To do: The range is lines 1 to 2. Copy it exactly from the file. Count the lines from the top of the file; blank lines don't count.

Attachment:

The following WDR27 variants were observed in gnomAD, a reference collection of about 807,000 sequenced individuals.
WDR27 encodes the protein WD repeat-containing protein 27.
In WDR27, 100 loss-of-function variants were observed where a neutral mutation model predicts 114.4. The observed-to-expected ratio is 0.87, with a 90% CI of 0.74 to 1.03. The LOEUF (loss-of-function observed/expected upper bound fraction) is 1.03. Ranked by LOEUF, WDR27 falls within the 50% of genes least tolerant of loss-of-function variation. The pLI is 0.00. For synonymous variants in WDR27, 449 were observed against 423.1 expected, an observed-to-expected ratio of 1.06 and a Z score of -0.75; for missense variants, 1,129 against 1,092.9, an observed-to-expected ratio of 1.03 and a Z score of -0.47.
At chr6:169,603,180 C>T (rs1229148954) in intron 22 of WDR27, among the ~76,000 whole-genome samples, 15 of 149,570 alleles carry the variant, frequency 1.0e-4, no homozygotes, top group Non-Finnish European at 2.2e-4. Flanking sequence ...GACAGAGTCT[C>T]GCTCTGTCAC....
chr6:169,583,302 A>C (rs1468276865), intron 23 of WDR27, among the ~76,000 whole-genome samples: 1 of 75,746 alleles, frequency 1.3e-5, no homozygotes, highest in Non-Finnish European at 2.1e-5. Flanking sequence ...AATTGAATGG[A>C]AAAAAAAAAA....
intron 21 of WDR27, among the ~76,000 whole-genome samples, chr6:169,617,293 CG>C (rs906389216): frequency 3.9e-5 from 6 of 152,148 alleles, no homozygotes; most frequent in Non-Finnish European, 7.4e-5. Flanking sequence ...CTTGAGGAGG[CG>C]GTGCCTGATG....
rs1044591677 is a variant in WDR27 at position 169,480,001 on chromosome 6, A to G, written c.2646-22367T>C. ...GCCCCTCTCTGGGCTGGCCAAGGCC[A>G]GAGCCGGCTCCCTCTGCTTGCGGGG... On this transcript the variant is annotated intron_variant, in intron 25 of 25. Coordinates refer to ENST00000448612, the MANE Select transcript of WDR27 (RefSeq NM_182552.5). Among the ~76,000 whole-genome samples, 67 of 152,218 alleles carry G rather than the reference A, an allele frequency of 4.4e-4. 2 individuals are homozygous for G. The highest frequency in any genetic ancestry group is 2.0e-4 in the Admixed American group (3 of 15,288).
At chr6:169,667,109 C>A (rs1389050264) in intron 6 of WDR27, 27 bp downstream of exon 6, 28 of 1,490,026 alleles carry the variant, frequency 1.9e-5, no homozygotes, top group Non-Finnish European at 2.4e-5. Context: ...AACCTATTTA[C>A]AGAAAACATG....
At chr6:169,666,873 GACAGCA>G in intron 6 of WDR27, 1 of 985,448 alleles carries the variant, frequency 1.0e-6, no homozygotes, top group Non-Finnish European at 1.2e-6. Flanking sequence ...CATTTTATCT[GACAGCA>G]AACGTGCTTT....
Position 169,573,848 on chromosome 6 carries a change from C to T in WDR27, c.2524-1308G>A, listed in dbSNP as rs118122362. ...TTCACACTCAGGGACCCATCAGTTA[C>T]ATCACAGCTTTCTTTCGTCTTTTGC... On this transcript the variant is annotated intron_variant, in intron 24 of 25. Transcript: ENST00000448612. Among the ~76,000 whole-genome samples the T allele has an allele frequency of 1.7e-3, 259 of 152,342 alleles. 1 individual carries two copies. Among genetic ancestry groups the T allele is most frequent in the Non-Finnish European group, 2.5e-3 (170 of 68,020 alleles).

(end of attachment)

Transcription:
The following WDR27 variants were observed in gnomAD, a reference collection of about 807,000 sequenced individuals.
WDR27 encodes the protein WD repeat-containing protein 27.